In early May of 2018 Leigh began coughing up blood one night and I rushed her to the Royal Surrey County Hospital where after extensive testing it was discovered that she had contracted pneumonia and also a large pulmonary embolism was discovered on her right lung, this really knocked her back and Brompton advised that she needed to go onto anticoagulants to prevent further clots.

Unfortunately, Leigh’s mobility had suffered as a result of the embolism and by the summer of 2018 needed a wheelchair if we went out shopping or anywhere where any amount of walking was involved.

As if she didn’t have enough to contend with she was sent at the beginning of 2019 to St Thomas’ in London who were investigating an issue not related to her heart/lungs and following CT scans we were told that a small tumour had been discovered on an adrenal gland, we were assured that these were usually benign and not a concern although further testing was required to determine that it was benign, weeks passed and numerous tests were carried out and it was in early July that we received the devastating news that the tumour was malignant, the consultant felt that because of Leigh’s PH she was unsuitable for surgery and that in his opinion chemotherapy wouldn’t work either.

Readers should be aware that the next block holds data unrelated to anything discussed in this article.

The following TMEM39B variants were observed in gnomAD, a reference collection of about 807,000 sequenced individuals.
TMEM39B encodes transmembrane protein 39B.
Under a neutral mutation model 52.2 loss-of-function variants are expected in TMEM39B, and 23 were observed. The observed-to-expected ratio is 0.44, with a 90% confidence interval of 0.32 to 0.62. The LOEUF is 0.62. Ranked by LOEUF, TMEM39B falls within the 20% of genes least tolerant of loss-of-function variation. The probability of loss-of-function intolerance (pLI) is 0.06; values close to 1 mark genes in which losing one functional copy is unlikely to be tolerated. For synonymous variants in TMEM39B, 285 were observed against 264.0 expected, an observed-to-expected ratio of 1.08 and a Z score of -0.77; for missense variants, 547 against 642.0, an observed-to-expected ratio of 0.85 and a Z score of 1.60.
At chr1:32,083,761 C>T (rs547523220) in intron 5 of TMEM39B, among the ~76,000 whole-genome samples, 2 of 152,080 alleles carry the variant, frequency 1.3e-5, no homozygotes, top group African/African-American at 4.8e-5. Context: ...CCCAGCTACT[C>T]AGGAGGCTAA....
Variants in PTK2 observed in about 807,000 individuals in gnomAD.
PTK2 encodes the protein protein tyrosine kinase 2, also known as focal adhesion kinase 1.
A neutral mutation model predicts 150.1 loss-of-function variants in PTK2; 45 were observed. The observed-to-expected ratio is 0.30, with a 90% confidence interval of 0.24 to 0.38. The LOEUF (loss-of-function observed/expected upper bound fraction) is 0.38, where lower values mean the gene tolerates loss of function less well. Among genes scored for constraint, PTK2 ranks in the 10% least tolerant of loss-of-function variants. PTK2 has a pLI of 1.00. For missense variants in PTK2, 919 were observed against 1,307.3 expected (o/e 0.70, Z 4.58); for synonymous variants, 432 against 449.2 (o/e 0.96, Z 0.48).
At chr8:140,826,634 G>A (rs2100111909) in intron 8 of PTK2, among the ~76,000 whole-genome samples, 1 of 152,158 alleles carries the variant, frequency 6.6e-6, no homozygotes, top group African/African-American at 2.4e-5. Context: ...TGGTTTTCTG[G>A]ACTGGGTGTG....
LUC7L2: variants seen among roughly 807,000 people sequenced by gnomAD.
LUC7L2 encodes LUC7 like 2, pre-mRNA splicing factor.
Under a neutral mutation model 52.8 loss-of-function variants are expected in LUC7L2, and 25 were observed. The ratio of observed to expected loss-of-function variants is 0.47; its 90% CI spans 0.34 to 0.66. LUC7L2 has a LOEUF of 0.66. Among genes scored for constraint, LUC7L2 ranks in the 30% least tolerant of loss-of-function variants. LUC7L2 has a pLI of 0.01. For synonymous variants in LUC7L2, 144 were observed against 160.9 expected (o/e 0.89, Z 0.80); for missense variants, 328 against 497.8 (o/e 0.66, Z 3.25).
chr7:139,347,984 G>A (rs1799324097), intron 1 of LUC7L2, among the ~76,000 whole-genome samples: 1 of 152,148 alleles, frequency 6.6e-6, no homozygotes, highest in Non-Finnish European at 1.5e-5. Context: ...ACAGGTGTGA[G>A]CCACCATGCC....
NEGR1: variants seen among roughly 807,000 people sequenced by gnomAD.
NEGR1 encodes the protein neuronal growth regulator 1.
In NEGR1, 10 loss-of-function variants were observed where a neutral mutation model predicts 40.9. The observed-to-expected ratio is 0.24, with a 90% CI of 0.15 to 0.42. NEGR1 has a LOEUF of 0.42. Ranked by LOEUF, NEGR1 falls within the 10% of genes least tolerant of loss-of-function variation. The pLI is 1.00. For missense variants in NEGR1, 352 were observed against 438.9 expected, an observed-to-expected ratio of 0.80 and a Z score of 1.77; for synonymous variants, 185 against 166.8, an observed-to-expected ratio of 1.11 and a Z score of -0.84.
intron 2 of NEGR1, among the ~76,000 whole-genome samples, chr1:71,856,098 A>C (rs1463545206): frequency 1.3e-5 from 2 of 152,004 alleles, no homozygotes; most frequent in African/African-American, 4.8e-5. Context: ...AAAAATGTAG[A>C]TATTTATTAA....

Leigh being Leigh and with our full support sought a second opinion on chemotherapy treatment and we were pleased when we were told that a specialist at Kings College Hospital in London had agreed to see her.

At our first appointment he informed her that the tumour was the cause of her severe fluid retention-something he said was called Cushing’s disease, he prescribed a drug to combat the Cushing’s and we left for home.

Leigh had been taking this drug for a couple of weeks when she became ill over the August bank holiday weekend in 2019. We contacted Brompton who felt she should go in immediately and we arrived on the bank holiday Monday, as usual the team on Paul Wood ward carried out tests in the usual efficient manner and they found she had pneumonia again and meds were started to combat this.

It was at this time that Leigh went into kidney failure, Brompton consulted Kings College and it was decided that the meds that Kings gave her were the cause and these were stopped immediately, after a few days her kidneys returned to normal and Kings suggested an alternative, by this time it was clear that Leigh was going to be in hospital for a while so I began staying in Brompton’s accommodation.